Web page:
Collecting data is not enough, however. Often, such information never filters back to the public. It should rapidly be made available to students, parents, teachers, the local media, and community organizations. This is a critical first step in establishing public awareness. Opening the information to all would help create an information-based dialogue on how to address violence at any given school, rather than allow opinion-based reaction to cloud the issues.
The NCLB law provides detailed information about the status of schools on an array of standardized academic indicators, but what if a school has low academic performance because of persistent violence?
Solutions should be based on local data over time. Schools do not have the same problems or personalities, and they change. Our research suggests that even within the same communities, schools tend to have different kinds of violence. One may have a problem with weapons, another with sexual harassment, and a third might have a high incidence of school fights or hate crimes. Each form of violence begs a very different kind of response. In the absence of good local data, school districts tend to select a one-size-fits-all program, targeting perhaps only one form of violence, such as bullying. If schools that don’t have that problem are forced to implement the district’s program, the result is a huge waste of public funds and school time. Finding out what type of problem a local school has would seem an obvious first step.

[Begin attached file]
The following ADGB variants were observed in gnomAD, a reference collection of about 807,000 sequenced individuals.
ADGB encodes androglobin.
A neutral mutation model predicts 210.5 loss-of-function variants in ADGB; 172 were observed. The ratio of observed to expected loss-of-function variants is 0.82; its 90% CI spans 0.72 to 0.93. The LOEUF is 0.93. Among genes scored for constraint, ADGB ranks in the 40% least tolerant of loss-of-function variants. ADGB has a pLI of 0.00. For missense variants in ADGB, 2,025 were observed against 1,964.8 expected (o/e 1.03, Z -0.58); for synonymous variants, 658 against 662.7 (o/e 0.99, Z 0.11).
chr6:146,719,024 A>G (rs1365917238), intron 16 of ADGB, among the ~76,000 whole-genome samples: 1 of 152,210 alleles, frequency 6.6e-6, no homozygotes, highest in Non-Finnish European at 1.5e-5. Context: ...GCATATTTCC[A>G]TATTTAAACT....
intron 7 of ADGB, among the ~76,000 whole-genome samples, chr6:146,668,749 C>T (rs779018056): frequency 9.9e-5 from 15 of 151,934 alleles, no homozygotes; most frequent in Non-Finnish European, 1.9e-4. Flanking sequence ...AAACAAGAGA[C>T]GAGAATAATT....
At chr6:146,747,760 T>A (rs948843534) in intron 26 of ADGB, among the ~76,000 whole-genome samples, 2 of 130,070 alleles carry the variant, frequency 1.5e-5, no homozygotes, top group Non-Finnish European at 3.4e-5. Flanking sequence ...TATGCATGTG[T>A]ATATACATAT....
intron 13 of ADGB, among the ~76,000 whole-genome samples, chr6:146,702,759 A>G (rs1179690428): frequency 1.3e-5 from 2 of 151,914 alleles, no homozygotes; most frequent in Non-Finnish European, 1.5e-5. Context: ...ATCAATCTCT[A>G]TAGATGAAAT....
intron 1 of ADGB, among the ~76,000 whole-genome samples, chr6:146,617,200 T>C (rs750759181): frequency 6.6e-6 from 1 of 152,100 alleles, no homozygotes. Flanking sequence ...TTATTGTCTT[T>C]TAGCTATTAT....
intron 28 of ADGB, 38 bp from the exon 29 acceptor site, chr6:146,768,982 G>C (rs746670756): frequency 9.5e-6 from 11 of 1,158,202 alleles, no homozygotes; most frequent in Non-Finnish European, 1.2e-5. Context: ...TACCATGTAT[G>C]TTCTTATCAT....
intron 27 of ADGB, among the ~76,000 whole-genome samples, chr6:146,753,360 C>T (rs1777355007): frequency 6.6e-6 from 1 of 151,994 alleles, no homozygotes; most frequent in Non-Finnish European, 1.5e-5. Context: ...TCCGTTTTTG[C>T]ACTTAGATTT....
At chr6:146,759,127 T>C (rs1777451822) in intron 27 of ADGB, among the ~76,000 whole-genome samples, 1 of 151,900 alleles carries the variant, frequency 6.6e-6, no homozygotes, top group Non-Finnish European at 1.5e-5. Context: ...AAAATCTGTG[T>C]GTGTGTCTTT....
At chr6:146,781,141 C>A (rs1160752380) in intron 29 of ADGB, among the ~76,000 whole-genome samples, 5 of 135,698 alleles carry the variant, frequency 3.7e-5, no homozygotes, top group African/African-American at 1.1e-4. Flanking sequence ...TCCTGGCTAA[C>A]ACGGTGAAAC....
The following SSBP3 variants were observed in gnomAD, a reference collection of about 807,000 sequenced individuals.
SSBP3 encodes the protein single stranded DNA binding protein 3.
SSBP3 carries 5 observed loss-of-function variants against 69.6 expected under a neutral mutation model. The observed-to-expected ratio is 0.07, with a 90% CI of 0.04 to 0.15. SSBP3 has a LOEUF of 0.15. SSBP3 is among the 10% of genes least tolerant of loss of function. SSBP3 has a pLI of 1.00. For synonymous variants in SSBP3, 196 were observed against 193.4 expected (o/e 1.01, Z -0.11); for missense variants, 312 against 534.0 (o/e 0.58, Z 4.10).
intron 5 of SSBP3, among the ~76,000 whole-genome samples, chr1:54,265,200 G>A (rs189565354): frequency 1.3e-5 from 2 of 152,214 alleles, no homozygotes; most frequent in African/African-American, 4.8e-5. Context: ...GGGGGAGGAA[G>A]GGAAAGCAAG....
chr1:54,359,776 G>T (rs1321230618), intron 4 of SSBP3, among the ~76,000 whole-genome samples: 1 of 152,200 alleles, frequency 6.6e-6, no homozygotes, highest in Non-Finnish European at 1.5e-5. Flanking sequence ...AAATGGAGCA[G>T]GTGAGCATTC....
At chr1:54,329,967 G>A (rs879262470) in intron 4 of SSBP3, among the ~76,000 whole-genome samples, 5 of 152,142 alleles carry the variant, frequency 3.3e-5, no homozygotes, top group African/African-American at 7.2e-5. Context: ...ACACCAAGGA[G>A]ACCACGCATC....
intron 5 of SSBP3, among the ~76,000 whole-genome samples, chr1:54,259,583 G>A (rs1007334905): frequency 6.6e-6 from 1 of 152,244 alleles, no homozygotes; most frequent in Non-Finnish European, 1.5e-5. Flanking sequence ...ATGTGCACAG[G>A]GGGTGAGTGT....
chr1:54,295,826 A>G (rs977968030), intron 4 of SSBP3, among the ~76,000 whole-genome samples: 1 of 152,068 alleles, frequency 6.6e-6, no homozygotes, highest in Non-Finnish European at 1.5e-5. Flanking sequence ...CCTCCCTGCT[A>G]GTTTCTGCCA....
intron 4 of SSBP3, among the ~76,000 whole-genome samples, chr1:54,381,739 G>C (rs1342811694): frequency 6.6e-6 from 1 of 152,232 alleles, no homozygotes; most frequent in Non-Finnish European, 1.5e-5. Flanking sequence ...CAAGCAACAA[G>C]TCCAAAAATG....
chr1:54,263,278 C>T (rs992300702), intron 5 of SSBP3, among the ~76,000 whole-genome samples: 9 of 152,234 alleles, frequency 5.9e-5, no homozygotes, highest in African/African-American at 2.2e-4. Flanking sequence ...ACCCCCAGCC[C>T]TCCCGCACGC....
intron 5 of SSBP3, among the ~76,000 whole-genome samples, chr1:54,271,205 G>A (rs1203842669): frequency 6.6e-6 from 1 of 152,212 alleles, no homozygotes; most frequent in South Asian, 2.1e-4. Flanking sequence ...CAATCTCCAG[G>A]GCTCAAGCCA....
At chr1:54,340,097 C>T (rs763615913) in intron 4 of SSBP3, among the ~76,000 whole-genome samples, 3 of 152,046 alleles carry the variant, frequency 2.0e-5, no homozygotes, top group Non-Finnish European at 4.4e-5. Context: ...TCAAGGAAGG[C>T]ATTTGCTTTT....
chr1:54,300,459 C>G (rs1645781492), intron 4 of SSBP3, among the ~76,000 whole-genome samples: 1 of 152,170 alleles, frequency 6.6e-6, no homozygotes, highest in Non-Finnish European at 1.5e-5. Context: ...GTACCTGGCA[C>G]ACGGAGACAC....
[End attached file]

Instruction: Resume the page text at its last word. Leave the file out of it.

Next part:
Once a program or intervention is selected, parents should know whether or not it works at their school. Given the expense involved, parents and the general public have a right to know if school prevention programs are in fact effective. If they aren’t, why continue to use them? If they are, why not let people know about it? Without local data, no school will be able to demonstrate success.
Children who are sexually harassed at school, see many school fights, or are frightened because they believe there are weapons on school grounds may not be able to reach the No Child Left Behind law’s academic goals because of emotional trauma. Schools that have these kinds of persistent problems should be expected first to improve the social climate and lower the levels of threat and victimization. Only then can their students and teachers be expected to perform well on academics.
Otherwise, we are punishing children for being unable to learn in a persistently harmful and dangerous environment. This is not fair. Nor is it inevitable. By gathering reliable local data on school safety and then disseminating such information to the public, we can empower those who are struggling to achieve their dreams under trying circumstances.